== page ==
Tablets are a popular choice for medication administration due to their convenience, portability, and ease-of-use. However, one concern many have is whether or not their tablets will remain hard enough to withstand the rigors of everyday life. The answer may lie in the addition of binders, which are substances that help make pills more compact and durable.

What are binders?

Binders are substances used to hold other ingredients together. In tablet formulations, they are usually added to increase hardness and reduce friability (the tendency of a tablet to break easily). They can also help improve the stability and absorption of certain active ingredients. Common binders include cellulose derivatives such as microcrystalline cellulose, polyvinylpyrrolidone (PVP), hydroxypropyl methylcellulose (HPMC), starch derivatives such as pregelatinized starch, and polymers such as polyethylene glycol (PEG) and polyacrylic acid (PAA).

Do binders increase tablet hardness?

The short answer is yes, but it depends on the binder used. For example, HPMC has been shown to increase hardness compared to other commonly used excipients such as PVP and povidone. In addition, some studies have shown that HPMC can significantly reduce the rate at which a tablet disintegrates in water – making it more resistant to environmental factors such as temperature changes or mechanical stresses associated with shipping or storage.

Benefits of using a binder

Using a binder has several potential benefits beyond simply increasing the hardness of the tablet. For example, HPMC can help reduce powdering or dusting during compression – meaning fewer tablets are rejected due to poor quality or appearance. In addition, certain binders, such as PEG, can act as lubricants – reducing the time required for tablets to pass through manufacturing processes such as granulation or weighing. Finally, some binders have been found to improve taste-masking properties – helping to make unpleasant medicines easier to take without compromising efficacy.

Types of tablets that benefit from binders

The addition of a binder to tablet formulations can be beneficial for both immediate release (IR) and extended-release (ER) tablets; however, those designed for ER administration often benefit more from increased hardness as these medications are typically taken over a period of time rather than all at once as with IR tablets. As mentioned above, some common types of excipients that may be useful in these applications include HPMC and PEG among others, depending on the specific application requirements and desired results from their addition to the formulation process.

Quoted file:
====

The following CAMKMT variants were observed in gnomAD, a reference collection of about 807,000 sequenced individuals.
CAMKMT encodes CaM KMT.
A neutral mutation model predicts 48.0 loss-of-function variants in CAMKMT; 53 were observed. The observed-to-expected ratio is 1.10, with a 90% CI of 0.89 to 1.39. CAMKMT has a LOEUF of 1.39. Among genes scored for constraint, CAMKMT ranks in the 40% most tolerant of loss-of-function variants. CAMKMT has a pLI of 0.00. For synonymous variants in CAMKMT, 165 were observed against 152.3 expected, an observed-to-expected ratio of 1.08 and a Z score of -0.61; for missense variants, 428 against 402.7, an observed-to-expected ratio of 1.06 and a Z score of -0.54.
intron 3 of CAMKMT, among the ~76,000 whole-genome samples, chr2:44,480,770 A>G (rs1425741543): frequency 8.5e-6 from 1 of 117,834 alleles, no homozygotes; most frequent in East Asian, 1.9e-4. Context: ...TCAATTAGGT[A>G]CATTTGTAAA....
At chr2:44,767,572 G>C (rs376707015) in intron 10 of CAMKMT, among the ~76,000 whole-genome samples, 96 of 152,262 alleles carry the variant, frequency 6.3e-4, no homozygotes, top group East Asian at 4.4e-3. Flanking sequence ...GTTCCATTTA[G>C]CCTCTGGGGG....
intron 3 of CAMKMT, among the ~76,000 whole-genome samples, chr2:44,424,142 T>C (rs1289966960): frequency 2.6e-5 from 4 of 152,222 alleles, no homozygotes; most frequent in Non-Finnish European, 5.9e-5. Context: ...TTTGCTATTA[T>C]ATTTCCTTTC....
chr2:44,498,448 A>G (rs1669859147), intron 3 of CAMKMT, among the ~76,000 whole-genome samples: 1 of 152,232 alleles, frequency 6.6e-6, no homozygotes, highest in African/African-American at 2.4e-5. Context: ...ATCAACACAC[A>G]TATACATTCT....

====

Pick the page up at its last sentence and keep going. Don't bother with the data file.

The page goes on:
Are there any risks associated with adding excipients to tablets?

While there are many potential benefits associated with the addition of excipients to tablet formulations, there are also risks that should be considered before doing so, including compatibility issues between different active ingredients contained within the formulation, interactions between the excipients themselves, changes in bioavailability, increases in size/weight associated with physical properties etc. etc. In addition, when using certain types of excipients, care must be taken to ensure that they do not interfere with disintegration times, which could lead to dissolution problems if too much is added to a particular formulation.


In conclusion, while most pharmaceutical products require some form of excipient to achieve optimum performance, there is still considerable debate as to how much should actually be incorporated and which type is best suited to a particular application. Ultimately, the selection process comes down to individual preferences and the goals of each product, but understanding the role that plays will help to make better informed decisions about how to add them to achieve the desired end result.


Chris Harrison is a content writer and editor from New Caledonia. He is currently managing Oneunionone which is based in North Carolino. Before founding the website, he was a full time editor in New York USA.